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What's hot and not for your home in 2009

New trends The weather outside — not to mention the economy — may be frightful, but that doesn't mean people's interest in having a great home has waned much. In fact, a cool and comfortable haven can be a real benefit when ill winds blow. So what's in — and what's out — in home décor for the new year? We grilled several experts who have their finger on the pulse of décor and remodeling trends to bring you some tips on what to do, what to avoid and what to change. .

In: Mismatched dining-room chairs

"With people entertaining more of their friends at home instead of going out, they kind of want to do a quick update," says Mark Nash, a Chicago-area Realtor who annually surveys nearly 900 real-estate agents across North America for his report, "What's In, What's Out with Homebuyers."

"People are kind of over the 'matchy-matchy' look. It makes it very individual, and it's not rocket science, either." Plus, the chairs are often thrift-store finds. Or check out the relatively inexpensive chairs by CB2. Look for subtle similarities in the chairs — height, color, pattern — to give them a nice uniformity within their diversity.

In: Thumbs up for gray

"When I'm asked about color trends for 2009, I answer in one word: grays," says C. Davis Remignanti, director of catalog operations for Furniture.com. "There is an exquisite palette of dove grays, smoky blues, dusty whites, platinums and silvers that is coming on like gangbusters," Remignanti says. "It's a natural outgrowth of the recent popularity of earth and mineral tones that have supplanted the last decade's beiges and greens as the new neutrals."

One thing to be aware of, however: "This new look has emerged fast and strong and is likely to burn out just as quickly. ... I'm concerned that in two or three years, the smoky look will be as 'over' as the recent chocolate brown/robin's egg blue combination is today," he says.

In: Retro appliances

"Collectible, working appliances from the 1940s through the late 1980s" — think Coldspot refrigerators and double-stacked ovens — "have found a new niche among homeowners who appreciate their rock-solid construction and durability," says Chicago Realtor Mark Nash. "It's all about kitsch, but it's highly functional kitsch."

People are buying these older, warhorse appliances, which are sometimes available on eBay or in secondhand stores for as little as $100 — "and refurbishing and repainting them in bold colors such as metallic red," Nash says.

In: The new garage door

Garage doors have long been pretty vanilla, which is odd considering how prominent the door is on most American homes. That's changing. Now, "People want their garage door to make more of an architectural statement," says Realtor and trend-watcher Mark Nash.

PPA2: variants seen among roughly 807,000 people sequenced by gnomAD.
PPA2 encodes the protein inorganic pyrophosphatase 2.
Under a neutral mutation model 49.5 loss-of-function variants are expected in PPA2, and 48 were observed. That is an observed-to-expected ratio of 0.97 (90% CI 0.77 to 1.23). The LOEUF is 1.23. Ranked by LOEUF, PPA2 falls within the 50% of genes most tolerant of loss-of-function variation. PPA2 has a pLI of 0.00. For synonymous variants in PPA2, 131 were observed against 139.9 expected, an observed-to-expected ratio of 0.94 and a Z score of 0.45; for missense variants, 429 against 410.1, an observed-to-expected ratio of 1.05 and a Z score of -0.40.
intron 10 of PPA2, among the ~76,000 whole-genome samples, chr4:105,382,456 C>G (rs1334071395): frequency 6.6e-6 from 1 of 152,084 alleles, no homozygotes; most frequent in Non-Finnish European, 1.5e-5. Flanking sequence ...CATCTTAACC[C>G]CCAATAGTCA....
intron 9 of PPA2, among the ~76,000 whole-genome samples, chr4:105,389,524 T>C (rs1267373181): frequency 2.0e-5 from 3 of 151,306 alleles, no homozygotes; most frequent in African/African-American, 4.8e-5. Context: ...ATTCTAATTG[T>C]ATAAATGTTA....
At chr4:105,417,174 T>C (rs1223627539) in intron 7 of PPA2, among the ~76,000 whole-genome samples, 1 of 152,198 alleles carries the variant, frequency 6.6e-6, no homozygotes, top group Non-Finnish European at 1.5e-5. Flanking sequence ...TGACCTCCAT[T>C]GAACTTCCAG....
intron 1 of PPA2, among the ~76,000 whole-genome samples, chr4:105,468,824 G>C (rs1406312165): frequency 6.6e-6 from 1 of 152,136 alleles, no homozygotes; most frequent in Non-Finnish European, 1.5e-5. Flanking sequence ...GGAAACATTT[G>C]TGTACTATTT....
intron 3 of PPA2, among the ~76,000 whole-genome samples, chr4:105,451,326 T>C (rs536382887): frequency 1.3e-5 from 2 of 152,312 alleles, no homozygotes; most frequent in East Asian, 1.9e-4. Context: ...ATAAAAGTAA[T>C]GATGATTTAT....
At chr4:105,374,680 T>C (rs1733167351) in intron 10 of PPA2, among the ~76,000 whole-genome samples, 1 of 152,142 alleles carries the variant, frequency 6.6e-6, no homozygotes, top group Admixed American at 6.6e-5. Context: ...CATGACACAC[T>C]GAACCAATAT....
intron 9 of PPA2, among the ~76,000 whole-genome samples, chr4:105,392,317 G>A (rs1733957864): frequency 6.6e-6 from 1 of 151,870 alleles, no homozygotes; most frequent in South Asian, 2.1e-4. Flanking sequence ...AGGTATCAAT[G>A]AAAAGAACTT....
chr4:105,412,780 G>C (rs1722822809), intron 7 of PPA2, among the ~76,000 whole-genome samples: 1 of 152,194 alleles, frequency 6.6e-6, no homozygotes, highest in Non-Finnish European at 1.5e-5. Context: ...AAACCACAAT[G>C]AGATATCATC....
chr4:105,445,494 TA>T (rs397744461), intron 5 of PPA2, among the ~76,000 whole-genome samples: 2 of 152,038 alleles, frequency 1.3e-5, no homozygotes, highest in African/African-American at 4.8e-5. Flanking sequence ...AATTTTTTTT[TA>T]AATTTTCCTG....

Traditional styling has arrived, with companies such as Raynor now making doors with mullioned windows, faux wrought-iron hinges and latches that provide the original non-overhead garage door look. The nicer doors don't have to cost a mint; Nash says he saw one at a home store recently that was only about $100 more than a standard door.

In: Coral

Jackie Jordan, director of color marketing for Sherwin-Williams, says she is "starting to see some corals coming into the marketplace."

You'll see corals paired with plums and grays, and not with teals, as in yesteryear. "That's what makes the difference ... We look at (colors) a little bit differently and combine them in different ways."

In: Lighter is right

"I've been watching as furniture has been getting visually lighter and less bulky, and it's hard to miss the sense of Americans casting off the weight of the past," says C. Davis Remignanti, director of catalog operations for Furniture.com.

"More and more, furniture looks like you can just pick it up and move it without requiring the assistance of two or three kind strangers." How does that show itself? Higher, thinner legs on pieces. Fewer cushions on upholstery. "The trend is toward things that just look and feel 'light,'" Remignanti says.

In: 'Green' goes luxurious

"The eco-trend — this is just getting stronger and stronger and stronger," says Carmen Natschke, founder and publisher of The Decorating Diva. There's been a flood of "amazing companies that have come to market with (eco) products that have been luxurious." One of her new favorites? SDH Linens' Legna Collection of organic bedding. The natural silklike linens are created from processed wood pulp from Italian beech trees and dyed with nontoxic dyes, says Sophia Balestreri of the Marin County, Calif.-based Green Fusion Design Center, which sells the linens.

Still, Natschke and C. Davis Remignanti, of Furniture.com, caution that the furniture and interior décor industry as a whole has a long way to go to be truly green. That's why they're excited about today's trend toward incorporating antiques. "If you really want to hit 'green,' you need to be incorporating existing pieces," Remignanti says. And antiques "are as green as you can possibly get right now."